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Michael Jackson physician Dr. Conrad Murray pre-trial motions to begin

Dr. Conrad Murray, right, in Los Angeles Superior Court, Tuesday, Jan. 25, 2011. AP Photo/Irfan Khan

(CBS/KCBS/AP) LOS ANGELES - A judge is expected to hear pre-trial motions Monday in the trial of Dr. Conrad Murray, Michael Jackson's personal physician who is accused of involuntary manslaughter in the June 2009 death of the pop star.

Prosecutors want the jury to hear evidence that the Los Angeles Police Department and the L.A. County Coroner's office tried to reach Murray on four separate occasions, but he never returned their calls, reports CBS station KCBS.

A jury of seven men and five women were selected out of 84 prospective jurors for the trial, which is expected to begin Tuesday.

Murray has pleaded not guilty to involuntary manslaughter. His lawyers have said Jackson was contemplating calling off his ten-concert tour, "This is It," if he couldn't sleep. Murray told police he was giving Jackson the anesthetic propofol as a sleeping aid.

The prosecution claims Murray , a Houston cardiologist, was grossly negligent in administering the drug at home without the proper equipment, and then left the room long enough to find his patient not breathing when he returned.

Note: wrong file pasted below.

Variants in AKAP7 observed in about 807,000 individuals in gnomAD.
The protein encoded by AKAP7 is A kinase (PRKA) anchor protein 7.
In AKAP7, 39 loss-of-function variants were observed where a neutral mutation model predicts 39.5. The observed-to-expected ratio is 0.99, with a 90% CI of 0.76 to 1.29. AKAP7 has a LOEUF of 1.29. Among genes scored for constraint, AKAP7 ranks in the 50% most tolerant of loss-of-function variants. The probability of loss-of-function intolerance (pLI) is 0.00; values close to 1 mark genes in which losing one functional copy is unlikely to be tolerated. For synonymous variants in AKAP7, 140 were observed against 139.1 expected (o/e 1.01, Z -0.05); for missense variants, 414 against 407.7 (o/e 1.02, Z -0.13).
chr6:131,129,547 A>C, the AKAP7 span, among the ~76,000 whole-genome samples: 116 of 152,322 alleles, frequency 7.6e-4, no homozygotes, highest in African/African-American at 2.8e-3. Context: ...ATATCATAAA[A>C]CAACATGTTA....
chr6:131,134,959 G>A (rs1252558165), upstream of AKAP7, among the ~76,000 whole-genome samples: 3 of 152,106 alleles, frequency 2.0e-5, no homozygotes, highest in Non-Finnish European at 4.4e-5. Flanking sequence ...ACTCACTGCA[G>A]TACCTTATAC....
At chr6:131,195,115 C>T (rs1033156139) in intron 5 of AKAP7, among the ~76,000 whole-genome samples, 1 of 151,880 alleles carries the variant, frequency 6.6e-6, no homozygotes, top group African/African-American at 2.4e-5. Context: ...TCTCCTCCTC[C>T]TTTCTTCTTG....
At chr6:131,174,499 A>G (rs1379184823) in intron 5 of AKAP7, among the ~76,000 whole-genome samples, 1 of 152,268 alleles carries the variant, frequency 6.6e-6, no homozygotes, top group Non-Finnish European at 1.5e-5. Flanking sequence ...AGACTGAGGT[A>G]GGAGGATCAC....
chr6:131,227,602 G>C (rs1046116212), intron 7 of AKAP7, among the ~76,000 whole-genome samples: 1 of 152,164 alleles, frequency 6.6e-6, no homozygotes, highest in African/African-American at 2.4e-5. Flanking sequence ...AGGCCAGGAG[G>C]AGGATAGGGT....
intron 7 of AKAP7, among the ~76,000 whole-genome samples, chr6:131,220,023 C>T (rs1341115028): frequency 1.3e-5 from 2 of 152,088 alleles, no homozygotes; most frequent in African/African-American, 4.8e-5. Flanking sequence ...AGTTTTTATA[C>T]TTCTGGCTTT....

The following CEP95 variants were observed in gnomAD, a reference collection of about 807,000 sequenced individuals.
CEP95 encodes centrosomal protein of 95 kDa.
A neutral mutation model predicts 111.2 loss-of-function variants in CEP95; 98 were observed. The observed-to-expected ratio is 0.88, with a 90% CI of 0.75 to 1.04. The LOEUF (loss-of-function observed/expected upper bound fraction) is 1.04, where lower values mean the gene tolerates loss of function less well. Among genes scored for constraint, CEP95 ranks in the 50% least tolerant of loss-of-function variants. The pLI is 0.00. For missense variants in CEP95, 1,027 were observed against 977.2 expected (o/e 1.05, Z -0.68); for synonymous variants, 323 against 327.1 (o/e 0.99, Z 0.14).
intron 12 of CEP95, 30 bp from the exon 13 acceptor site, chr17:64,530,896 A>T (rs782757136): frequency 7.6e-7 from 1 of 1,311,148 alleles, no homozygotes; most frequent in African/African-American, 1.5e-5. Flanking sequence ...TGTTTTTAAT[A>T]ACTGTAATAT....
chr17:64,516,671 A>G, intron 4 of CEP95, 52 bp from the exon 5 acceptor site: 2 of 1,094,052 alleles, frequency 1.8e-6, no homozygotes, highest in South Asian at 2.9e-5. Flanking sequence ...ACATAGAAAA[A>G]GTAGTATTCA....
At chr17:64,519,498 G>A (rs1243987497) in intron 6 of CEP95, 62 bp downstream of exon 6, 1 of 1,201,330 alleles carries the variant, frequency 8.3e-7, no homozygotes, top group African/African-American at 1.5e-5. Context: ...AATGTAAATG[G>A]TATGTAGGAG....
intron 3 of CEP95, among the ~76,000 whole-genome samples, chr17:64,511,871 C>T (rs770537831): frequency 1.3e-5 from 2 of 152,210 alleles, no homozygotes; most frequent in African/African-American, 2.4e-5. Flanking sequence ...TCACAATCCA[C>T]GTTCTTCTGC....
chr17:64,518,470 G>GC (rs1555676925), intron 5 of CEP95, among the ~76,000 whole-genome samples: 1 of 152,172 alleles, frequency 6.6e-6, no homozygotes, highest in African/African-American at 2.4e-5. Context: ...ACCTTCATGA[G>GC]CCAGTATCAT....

Murray's defense claims the singer, desperate for sleep, swallowed an additional dose of the drug when the doctor was out of the room.

The defense's theory is based on evidence that a trace amount of propofol - .13 milligrams - was found in Jackson's stomach. The drug is administered intravenously, usually during surgery. Scientific witnesses may be asked to explain how it could have gotten into Jackson's stomach. Some doctors say ingesting it orally is almost unheard of.

The prosecution has a key expert witness, as well as forensic experts from the Los Angeles County coroner's office who are considered at the top of the field.

The defense boasts an advantage in one of its lawyers, J. Michael Flanagan, who says he is the only California attorney ever to try a propofol death case.

Murray, who had been consulted by Jackson in his Las Vegas office, was promised $150,000 a month when he signed on as Jackson's personal physician six weeks before he died. He closed the doors of his offices there and in Houston to devote himself to the singer.

Murray said he had been giving Jackson drugs known as benzodiazephines to help with his insomnia, but when they didn't work Jackson demanded propofol.

The physician told police he was trying to wean Jackson off the drug and gave him a minimal dose, then left the room for five minutes to use the bathroom. However, cell phone records suggest he was making phone calls for a longer time. His actions after he found Jackson not breathing are also central to the case.

Jackson died of a propofol overdose in June 2009 at his rented mansion in Holmby Hills, an affluent neighborhood in West Los Angeles.

Complete coverage of the Michael Jackson-Dr. Conrad Murray case on Crimesider

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